The Democratic Party President in Puerto Rico, Sen. Roberto Prats, announced Wednesday he was withdrawing his support from Dean and opening his doors to contacts with the campaigns of John Kerry and John Edwards campaigns.
"Deans performance in yesterdays process, as well as in Iowa and New Hampshire were disappointing," Prats said in a prepared statement.
It is no wonder that former Dean supporters are now focusing on Kerry, who on Tuesday won five of seven primaries.
Prats voiced his support for Dean during an event in December the local Democratic Party in which he was sworn in as new party president.
Back then, Popular Democratic Party (PDP) President Anibal Acevedo Vila, who is also running for governor, predicted the majority of the 58 Puerto Rican delegates would support Dean in the National Democratic Convention to be held in Boston this summer.
"It is almost certain Dean will count on the Puerto Rican delegation in the convention," Acevedo Vila said in December.
Acevedo Vilas spokeswoman said the resident commissioner had no comments at the moment, while Prats never returned any calls.
83 Faults Found At The Urban Train
February 5, 2004
SAN JUAN (AP) - The Urban Train is facing operational problems because, among other concerns, it stopped short for no apparent reason during test rides, said Fernando Fagundo, Transportation & Publics Works secretary.
Fagundo described the problem as critical and that it is part of the automated system.
Fagundo says the difficulty is one of 83 found in the train's operations during a safety inspection, which provoked the end of free test rides.
"The automatic system isn't working. It stops when it isn't supposed to," Fagundo said, adding that other problems also were identified.
Once the faults are resolved, Fagundo sees no problem beginning the train's operations.
Puerto Rico Opens Bidding On Port Of The Americas Project
By Frank Griffiths of Associated Press
February 4, 2004
SAN JUAN, Puerto Rico (AP) - Puerto Rico opened bidding from local and international companies on a project to build a cargo port that would be among the Americas' largest, officials said Wednesday.
The Port of the Americas Authority issued a request for proposals to design, build, operate and maintain the Port of the Americas in south-coast Ponce, said Edgardo Torres Caballero, a deputy economic development secretary.
The deadline for submitting proposals for the port's development is June 1, Torres Caballero said. He said it was too early to say how many companies had expressed interest.
The project is due to begin construction by the end of the year and be operational in 2006. It will be financed with public and private funds, officials said.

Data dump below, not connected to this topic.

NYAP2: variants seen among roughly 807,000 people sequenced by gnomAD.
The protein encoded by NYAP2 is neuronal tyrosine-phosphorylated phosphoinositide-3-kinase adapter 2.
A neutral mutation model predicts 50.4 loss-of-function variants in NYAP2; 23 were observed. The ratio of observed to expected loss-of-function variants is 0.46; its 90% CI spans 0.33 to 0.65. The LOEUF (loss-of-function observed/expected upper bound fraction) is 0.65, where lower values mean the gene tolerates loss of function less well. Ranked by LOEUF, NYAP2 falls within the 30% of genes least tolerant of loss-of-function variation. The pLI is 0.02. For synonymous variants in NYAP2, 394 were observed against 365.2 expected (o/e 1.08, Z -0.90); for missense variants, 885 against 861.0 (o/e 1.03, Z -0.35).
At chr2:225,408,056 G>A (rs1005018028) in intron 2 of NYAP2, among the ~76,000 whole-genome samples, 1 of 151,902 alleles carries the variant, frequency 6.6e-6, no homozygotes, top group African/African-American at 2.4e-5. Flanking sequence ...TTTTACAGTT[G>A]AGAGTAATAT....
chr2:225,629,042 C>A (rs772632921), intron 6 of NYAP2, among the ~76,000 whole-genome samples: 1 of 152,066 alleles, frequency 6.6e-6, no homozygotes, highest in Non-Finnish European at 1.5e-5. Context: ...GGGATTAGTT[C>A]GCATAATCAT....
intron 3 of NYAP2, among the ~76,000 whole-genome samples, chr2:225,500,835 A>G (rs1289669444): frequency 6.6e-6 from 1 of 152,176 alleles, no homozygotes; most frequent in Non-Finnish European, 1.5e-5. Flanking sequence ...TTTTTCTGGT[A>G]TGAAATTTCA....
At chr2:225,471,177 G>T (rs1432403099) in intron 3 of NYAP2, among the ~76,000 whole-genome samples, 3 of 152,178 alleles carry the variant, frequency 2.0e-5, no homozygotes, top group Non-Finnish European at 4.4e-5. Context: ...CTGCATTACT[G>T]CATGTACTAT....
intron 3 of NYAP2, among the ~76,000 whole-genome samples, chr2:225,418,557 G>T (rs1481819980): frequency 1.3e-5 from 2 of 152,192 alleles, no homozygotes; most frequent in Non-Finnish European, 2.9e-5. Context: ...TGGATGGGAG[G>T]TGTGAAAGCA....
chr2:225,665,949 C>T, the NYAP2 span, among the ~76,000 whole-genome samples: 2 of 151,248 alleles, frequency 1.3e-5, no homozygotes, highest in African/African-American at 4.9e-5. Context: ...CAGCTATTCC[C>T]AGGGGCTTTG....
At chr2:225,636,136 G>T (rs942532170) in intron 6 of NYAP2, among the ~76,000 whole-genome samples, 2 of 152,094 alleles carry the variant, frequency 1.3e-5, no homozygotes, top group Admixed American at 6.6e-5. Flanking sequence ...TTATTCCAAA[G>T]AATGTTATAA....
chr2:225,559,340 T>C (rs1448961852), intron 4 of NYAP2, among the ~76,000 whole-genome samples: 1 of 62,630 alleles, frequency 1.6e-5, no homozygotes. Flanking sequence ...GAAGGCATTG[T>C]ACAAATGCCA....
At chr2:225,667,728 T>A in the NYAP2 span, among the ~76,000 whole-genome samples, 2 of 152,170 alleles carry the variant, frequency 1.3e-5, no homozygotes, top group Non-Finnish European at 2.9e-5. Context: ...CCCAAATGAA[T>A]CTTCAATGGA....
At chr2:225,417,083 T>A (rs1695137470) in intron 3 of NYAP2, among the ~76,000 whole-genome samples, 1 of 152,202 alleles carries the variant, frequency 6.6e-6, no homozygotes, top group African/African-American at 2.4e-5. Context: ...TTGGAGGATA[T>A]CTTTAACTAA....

Supporters say the Port of the Americas, which would use giant cranes to load and unload cargo, could generate thousands of jobs. But it faces competition from ports in Jamaica, the Bahamas, Panama, Venezuela, Colombia and the Dominican Republic, and some experts warn that the $600 million project is chancy.
The port is intended to tap the huge global market for transshipment ports _ major hubs that allow shippers to cut costs by moving cargo between vessels to link and combine routes.
Its success depends in part on labor costs, which are usually higher in Puerto Rico, experts have said. They also noted that success could depend on whether the territory can lobby Washington to change the Jones Act of 1917, which requires cargo between Puerto Rico and the U.S. mainland to be transported on U.S.-built, American-operated ships, which generally are more expensive.
Nations Bid For 2010 World Basketball Champs
February 4, 2004
GENEVA (AP) -- Puerto Rico and six countries submitted bids to host the 2010 World Basketball Championships.
The countries in the running are Australia, France, Italy, Russia, Serbia & Montenegro and Turkey, basketball's world governing body (FIBA) said Wednesday.
Formal bid documents must be submitted before July 31, and the host site will be selected next fall.
The championships are held every four years. The next tournament takes place in Japan in 2006.
Kerrys Self-Determination Stance Unchanged
February 4, 2004
Democratic presidential front-runner John Kerry stands by his support of self-determination for Puerto Rico. He has proposed a referendum that allows the people of Puerto Rico to vote on statehood, independence or continued status as a commonwealth.
Any change in this position, which is stated in Kerrys campaign website, is not contemplated, according to Dag Vega, spokesman for the Kerry campaign.
These comments contradict a recent statement by Kerry consultant Manuel Ortiz that the candidate would alter his position on island status to support self-determination "through constitutionally viable, non-territorial options" that would exclude the current commonwealth relationship with the U.S.
Told of Ortizs remarks about a coming Kerry position change on status, Vega said., " I dont think thats true. Were not putting anything out in the near future."